The key to understanding Dion’s work, and Dion himself for that matter, is to not think too critically about the information placed in front of you – there is a refreshing honesty to both the man and his art. “I know what I am as an artist, I make decorative pieces for people’s walls,” he says. “I am a deep thinker, but I don’t have a political agenda with my art. If you asked me to describe my work I will reply, I like making shit. I have never felt the need to justify it.”

While strong lines and geometric repetition echo the artistic stylings of Dion’s heritage, his strength of character is embodied by his trademark use of steel. “Steel is amazing,” he exclaims. “It’s a brutal material but it’s also super forgiving. It is a great medium to work in as it gives me the ability to cut, fill, grind and change whatever I like.” With his sculptures being forged in such a high energy environment of molten steel and aggressive noise, it will come as a slight surprise that it is the quiet subtlety of each piece that gives Dion the most satisfaction. “Everything I have created thus far is all about the shadow,” he explains. “It’s not about the piece, or the colours, it’s about the shadows and the subtlety of the form the light takes on.” He continues, “I am selling you a sculpture that comes with a wall painting. I am not afraid to put a white piece on a white wall because I know this sculpture will change with the hours and seasons.”

There is a refreshing honesty to both the man and his art.

Recently signing to Tim Olsen’s internationally renowned Olsen Gallery, Dion has an exciting path ahead of him as he chases down his next challenge. “I have the incredible opportunity to open a solo exhibition at Sydney’s Olsen Gallery on the 21st of April this year,” says Dion. “I am putting a body of work together that will cross my entire practice thus far. With this exhibition I am trying tell the short history of Dion Horstmans the sculptor.” Despite the validation that comes with his first exhibition at the Olsen Gallery, Dion remains as humble as ever when it comes to his work. “I don’t think of myself as an artist,” he states. “I never went to fine art school and I never submitted an artistic thesis. I am constantly terrified someone is going to knock on my door one day and catch me out for being a hoax.” He goes on to elaborate, “it’s a big fucking pat on the back seeing a piece on the wall, be it the Olsen Gallery or a small rental apartment somewhere. I didn’t have a privileged upbringing, but now I am living a privileged life, and this is something I try hard to never forget.”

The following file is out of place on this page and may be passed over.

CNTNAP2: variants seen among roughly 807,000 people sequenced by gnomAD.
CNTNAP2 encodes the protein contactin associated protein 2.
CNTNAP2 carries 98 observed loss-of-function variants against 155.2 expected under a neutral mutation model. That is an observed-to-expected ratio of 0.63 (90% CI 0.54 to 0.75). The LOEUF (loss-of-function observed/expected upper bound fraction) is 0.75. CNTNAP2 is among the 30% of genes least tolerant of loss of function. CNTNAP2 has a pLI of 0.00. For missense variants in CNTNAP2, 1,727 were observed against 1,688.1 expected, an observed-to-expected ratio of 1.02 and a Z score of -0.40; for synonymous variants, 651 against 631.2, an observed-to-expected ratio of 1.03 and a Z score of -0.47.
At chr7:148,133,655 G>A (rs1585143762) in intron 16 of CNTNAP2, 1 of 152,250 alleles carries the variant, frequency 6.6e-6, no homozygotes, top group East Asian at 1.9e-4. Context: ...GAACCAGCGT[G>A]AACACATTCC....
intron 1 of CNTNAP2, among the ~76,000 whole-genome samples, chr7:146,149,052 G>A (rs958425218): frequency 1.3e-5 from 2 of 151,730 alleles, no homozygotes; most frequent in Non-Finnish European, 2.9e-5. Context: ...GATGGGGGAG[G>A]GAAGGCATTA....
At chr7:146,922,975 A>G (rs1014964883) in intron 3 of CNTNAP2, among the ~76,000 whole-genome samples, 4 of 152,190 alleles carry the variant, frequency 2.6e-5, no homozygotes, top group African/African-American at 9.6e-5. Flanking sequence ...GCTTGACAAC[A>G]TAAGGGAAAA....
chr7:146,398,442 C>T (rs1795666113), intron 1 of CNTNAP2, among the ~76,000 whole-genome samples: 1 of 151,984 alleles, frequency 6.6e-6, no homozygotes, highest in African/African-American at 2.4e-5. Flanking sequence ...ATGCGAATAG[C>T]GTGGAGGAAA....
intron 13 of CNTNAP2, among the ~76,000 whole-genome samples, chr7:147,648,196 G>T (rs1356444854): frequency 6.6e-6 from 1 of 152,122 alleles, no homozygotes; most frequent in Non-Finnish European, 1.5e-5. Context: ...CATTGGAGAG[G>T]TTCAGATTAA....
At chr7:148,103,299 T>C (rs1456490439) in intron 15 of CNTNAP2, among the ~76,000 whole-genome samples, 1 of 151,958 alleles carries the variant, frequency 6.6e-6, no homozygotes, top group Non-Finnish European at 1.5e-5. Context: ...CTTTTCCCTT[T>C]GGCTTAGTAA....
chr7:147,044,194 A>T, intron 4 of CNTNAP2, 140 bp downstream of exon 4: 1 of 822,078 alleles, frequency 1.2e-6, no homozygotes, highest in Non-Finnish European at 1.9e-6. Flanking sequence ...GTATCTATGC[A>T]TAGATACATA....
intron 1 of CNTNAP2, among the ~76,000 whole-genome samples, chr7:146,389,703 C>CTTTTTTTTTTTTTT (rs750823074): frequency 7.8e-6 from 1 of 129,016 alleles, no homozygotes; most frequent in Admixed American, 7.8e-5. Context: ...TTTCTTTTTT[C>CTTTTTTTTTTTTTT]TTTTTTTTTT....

Dion’s strong yet subtle, dynamic works embody his infinite energy and genuine lust for life. In a profession where many artists choose to remain aloof, opting instead to let their work define them, his gregarious openness and willingness to speak honestly about his experiences offers a fascinating insight into the modest nature that lies at the very core of the powerful sculptures.

“I have the incredible opportunity to open a solo exhibition at Sydney’s Olsen Gallery on the 21st of April this year.”

Man Of Steel – Dion Horstmans Issue 05 Feature The Local Project Image 01
Published 3 April, 2021
Photography  Pablo Veiga, Dave Kulesza, Anson Smart & Tom Adair
Issue 05 Cover Grey
FEATURED IN THE LOCAL PROJECT PUBLICATION - ISSUE 05
The Local Project print publication was created to inspire, inform, entertain and engage through exclusively curated content.
Issue Nº5 of The Local Project print publication is the largest to date, with over 380 pages of local architecture and design. As well as new work from the likes of Kennedy Nolan, Edition Office, Tobias Partners, Adam Kane Architects and more, Issue 05 includes Gottlieb House, one of Wood Marsh Architecture’s first residential commissions, completed 30 years ago and unchanged to this day. Kew Residence by John Wardle Architects is also found in this issue. As the home John Wardle has occupied since 1990 and renovated three times, the project is a profound insight into the personal and professional history of one of Melbourne’s most lauded architects.